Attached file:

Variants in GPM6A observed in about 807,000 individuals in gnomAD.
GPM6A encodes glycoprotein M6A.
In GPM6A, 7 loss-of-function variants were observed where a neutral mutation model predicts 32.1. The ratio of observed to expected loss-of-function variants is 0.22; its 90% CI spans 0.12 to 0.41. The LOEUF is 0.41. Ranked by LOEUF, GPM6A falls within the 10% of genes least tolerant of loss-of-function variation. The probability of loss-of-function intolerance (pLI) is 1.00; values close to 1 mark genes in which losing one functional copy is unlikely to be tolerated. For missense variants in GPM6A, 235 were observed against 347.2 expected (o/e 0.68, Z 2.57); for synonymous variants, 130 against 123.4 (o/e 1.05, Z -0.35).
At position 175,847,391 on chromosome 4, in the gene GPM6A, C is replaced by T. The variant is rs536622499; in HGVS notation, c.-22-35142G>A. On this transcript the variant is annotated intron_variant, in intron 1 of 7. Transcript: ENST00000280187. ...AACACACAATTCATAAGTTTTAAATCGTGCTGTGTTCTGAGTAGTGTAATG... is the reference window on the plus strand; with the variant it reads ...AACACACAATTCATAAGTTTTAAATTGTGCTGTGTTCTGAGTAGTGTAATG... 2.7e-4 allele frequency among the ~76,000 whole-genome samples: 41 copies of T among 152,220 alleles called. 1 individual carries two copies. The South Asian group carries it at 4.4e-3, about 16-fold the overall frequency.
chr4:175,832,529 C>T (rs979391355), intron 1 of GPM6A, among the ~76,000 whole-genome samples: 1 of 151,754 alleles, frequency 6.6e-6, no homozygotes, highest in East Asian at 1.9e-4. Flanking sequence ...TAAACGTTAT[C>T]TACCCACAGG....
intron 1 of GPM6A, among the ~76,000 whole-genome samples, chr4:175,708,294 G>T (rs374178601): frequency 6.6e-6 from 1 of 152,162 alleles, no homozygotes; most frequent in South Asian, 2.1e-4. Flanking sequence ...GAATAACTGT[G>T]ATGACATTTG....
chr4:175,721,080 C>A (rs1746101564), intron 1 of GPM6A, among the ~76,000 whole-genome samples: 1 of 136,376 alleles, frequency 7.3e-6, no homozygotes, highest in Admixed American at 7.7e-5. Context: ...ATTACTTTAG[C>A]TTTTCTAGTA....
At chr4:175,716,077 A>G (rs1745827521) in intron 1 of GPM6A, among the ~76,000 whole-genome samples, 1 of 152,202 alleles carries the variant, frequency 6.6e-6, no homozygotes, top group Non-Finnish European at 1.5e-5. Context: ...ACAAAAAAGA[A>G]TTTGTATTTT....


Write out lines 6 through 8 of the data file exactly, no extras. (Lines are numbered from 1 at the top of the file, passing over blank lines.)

intron 1 of GPM6A, among the ~76,000 whole-genome samples, chr4:175,708,294 G>T (rs374178601): frequency 6.6e-6 from 1 of 152,162 alleles, no homozygotes; most frequent in South Asian, 2.1e-4. Flanking sequence ...GAATAACTGT[G>T]ATGACATTTG....
chr4:175,721,080 C>A (rs1746101564), intron 1 of GPM6A, among the ~76,000 whole-genome samples: 1 of 136,376 alleles, frequency 7.3e-6, no homozygotes, highest in Admixed American at 7.7e-5. Context: ...ATTACTTTAG[C>A]TTTTCTAGTA....
At chr4:175,716,077 A>G (rs1745827521) in intron 1 of GPM6A, among the ~76,000 whole-genome samples, 1 of 152,202 alleles carries the variant, frequency 6.6e-6, no homozygotes, top group Non-Finnish European at 1.5e-5. Context: ...ACAAAAAAGA[A>G]TTTGTATTTT....